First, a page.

The mixed media installations are rich with images from the artist's life spent in the rural areas of the Northwest. The horse plays front and center in this work. Kindler trained in hunter jumper and dressage later in life after a lifelong love of horses. Since 1988 she has often used them as subjects in her work. Applying the broken surfaces of multi paneled salon styled installations to this subject brings a whole new feeling to the much loved subject.

Preview 2013

 

December 20th -January 31st, 2013

GALLERY I, III & VIEWING ROOM

 

A major group exhibition that will showcase a wide variety of the gallery's internationally recognized and emerging artists who will all have one- person exhibitions at the gallery in 2013.

 

Painters Kris Cox, David deVillier, Marcia Myers, Lynda Lowe, Hung Liu, Robert McCauley, Linda Christensen, Raphaëlle Goethals, Michael Gregory, Evan Harris, Judith Kindler, Lisa Kokin, Jenny Honnert Abell, and Theodore Waddell showcase their own unique styles. Laura McPhee, Robert Polidori and Jack Spencer will have exhibitions that explore the vast range of contemporary photography. Margaret Keelan, Lisa Kokin, Rod Kagan, Jane Rosen, Julie Speidel and Boaz Vaadia display their own style of sculpture.

 

Kris Cox uses pigmented wood putty to create topographical fields on weathered surfaces. David deVillier has always used color and form to create narratives that challenge the view with both humor and pathos. Marcia Meyers, who passed away in 2008, transformed the ancient technique of frescos into modern terms.  Lynda Lowe experiments with the interplay of image and word on both her paintings and sculptures. Hung Liu's mixed media works make use of anonymous Chinese historical paintings and photographs. Robert McCauley explores animals and nature by depicting birds, animals, fish and other creatures in different ways and different circumstances. Linda Christensen figurative paintings derive strength of every day occurrences as subject matter with her muses. Raphaëlle Goethals, is internationally known for her signature wax, resin and pigmented large abstractions. At the intersection of the expressive and the minimal, her paintings are at once emotive and highly intellectual.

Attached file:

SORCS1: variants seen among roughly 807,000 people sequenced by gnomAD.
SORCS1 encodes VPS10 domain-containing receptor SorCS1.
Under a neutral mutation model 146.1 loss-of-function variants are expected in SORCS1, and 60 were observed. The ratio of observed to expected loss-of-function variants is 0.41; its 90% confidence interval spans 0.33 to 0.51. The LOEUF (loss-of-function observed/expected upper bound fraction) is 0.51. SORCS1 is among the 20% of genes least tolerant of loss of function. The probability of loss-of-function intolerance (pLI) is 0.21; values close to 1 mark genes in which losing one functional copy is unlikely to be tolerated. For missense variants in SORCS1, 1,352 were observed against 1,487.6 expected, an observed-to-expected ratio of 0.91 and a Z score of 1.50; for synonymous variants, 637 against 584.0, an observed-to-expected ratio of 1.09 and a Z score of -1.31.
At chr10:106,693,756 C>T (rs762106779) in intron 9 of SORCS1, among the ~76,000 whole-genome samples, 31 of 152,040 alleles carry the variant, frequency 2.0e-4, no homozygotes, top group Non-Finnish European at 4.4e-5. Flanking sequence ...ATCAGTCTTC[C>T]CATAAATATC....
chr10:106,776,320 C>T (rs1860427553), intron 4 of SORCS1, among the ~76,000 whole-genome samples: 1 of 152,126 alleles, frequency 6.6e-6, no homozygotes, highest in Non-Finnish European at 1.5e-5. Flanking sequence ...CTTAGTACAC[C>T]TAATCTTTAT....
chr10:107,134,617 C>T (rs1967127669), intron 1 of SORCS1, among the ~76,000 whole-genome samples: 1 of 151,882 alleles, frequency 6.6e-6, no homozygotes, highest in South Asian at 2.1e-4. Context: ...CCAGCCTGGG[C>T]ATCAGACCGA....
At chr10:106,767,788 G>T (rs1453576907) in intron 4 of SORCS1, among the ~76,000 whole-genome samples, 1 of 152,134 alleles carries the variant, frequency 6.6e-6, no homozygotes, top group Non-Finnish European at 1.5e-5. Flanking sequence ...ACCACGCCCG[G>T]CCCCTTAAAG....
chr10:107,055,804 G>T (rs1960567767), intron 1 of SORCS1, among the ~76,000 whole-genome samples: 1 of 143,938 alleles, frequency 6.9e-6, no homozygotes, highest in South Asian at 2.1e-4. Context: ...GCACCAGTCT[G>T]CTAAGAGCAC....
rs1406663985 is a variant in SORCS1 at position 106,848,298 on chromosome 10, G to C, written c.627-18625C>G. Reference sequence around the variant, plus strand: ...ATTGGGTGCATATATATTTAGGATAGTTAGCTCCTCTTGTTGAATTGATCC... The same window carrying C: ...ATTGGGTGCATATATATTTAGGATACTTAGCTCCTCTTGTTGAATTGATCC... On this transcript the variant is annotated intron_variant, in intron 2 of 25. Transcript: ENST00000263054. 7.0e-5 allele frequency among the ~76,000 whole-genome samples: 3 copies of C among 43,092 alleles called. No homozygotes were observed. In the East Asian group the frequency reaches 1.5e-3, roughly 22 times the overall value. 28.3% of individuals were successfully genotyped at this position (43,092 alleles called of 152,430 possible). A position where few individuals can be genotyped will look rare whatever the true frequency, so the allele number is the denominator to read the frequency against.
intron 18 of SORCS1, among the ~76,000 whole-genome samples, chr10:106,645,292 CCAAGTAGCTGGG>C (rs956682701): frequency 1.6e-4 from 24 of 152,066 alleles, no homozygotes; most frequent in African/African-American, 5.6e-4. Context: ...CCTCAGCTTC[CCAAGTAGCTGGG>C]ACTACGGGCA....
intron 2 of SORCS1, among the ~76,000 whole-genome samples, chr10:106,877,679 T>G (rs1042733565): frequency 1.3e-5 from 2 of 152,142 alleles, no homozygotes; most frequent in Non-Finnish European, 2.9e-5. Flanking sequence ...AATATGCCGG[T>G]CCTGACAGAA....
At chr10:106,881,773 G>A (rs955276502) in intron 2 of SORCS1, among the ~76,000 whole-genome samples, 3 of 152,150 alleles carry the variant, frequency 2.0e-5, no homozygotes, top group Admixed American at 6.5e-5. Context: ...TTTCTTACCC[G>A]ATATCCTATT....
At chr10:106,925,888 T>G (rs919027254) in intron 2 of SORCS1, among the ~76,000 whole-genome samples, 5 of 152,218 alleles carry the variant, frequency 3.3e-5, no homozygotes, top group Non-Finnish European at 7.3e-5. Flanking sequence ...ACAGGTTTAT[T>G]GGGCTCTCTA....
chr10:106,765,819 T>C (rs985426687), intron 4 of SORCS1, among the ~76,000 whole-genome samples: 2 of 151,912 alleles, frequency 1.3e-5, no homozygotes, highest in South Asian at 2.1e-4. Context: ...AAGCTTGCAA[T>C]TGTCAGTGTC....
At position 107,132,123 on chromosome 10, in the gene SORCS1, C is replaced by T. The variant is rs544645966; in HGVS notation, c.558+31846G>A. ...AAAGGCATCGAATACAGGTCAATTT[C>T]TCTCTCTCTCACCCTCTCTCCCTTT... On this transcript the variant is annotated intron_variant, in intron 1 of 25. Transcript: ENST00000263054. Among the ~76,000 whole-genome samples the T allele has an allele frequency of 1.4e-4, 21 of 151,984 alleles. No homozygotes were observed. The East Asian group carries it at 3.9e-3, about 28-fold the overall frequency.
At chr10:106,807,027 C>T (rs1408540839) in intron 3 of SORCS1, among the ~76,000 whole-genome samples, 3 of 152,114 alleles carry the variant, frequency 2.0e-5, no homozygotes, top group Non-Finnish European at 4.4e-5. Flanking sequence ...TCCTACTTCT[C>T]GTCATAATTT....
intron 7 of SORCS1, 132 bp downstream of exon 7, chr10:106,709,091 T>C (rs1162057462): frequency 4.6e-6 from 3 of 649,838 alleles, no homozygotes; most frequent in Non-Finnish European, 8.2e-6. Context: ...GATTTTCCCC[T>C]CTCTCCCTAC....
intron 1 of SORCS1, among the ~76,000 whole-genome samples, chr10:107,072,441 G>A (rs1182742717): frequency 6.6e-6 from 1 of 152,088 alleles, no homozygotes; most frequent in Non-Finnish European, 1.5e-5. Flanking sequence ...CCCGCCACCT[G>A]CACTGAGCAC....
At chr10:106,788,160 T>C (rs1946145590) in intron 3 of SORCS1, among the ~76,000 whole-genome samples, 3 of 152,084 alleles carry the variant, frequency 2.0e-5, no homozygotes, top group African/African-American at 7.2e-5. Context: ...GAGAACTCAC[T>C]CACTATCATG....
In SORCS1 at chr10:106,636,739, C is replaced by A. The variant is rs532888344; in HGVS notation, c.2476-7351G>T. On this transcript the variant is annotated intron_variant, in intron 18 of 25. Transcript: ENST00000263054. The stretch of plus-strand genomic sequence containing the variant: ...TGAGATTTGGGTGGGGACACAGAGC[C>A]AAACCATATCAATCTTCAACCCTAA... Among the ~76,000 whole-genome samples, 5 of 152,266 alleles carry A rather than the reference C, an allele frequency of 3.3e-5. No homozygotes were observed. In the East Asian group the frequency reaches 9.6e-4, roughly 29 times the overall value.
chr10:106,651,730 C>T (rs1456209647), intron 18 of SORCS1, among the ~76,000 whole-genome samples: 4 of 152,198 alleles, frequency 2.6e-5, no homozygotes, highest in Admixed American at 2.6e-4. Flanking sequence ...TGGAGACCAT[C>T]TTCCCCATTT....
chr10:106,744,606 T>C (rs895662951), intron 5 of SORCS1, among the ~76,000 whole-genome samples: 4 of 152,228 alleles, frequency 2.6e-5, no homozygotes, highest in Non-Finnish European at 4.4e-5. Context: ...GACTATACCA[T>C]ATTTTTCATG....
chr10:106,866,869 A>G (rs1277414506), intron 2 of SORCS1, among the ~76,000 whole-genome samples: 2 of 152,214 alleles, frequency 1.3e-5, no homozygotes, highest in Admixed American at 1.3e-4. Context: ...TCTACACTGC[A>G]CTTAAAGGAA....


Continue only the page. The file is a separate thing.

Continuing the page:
Michael Gregory honors the landscape that has been one of his principle subjects for more than 30 years.  His romantic landscapes spawn from his trips though out the rural lands of the U.S.. But his images are his own personal constructs. Jenny Honnert Abell creates dreamlike mixed media imagery on old book covers. Theodore Waddell's lifelong career as a rancher inspires his painting of livestock in the Montana and Idaho plains and mountains. Waddell’s many Musuem show this year and next have brought him even great national and international acclaim.

 

Margaret Keelan creates unmistakable ceramic figures that resemble weathered wooden dolls.  Lisa Kokin's sewn recycled book covers create cascading leaves. The late Rod Kagan created totemic sculptures of bronze and steel. Jane Rosen is world renowned for her glass and stone sculptures of birds of prey. Julie Speidel sculptures take reference from ancient cultures. Boaz Vaadia's layered stone and bronze sculptures capture the human form in various poses.

400 First Avenue North • P.O. Box 1679 Ketchum, ID 83340-1679 
208.726.5079  • 
info@gailseverngallery.com

 



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Gail Severn Gallery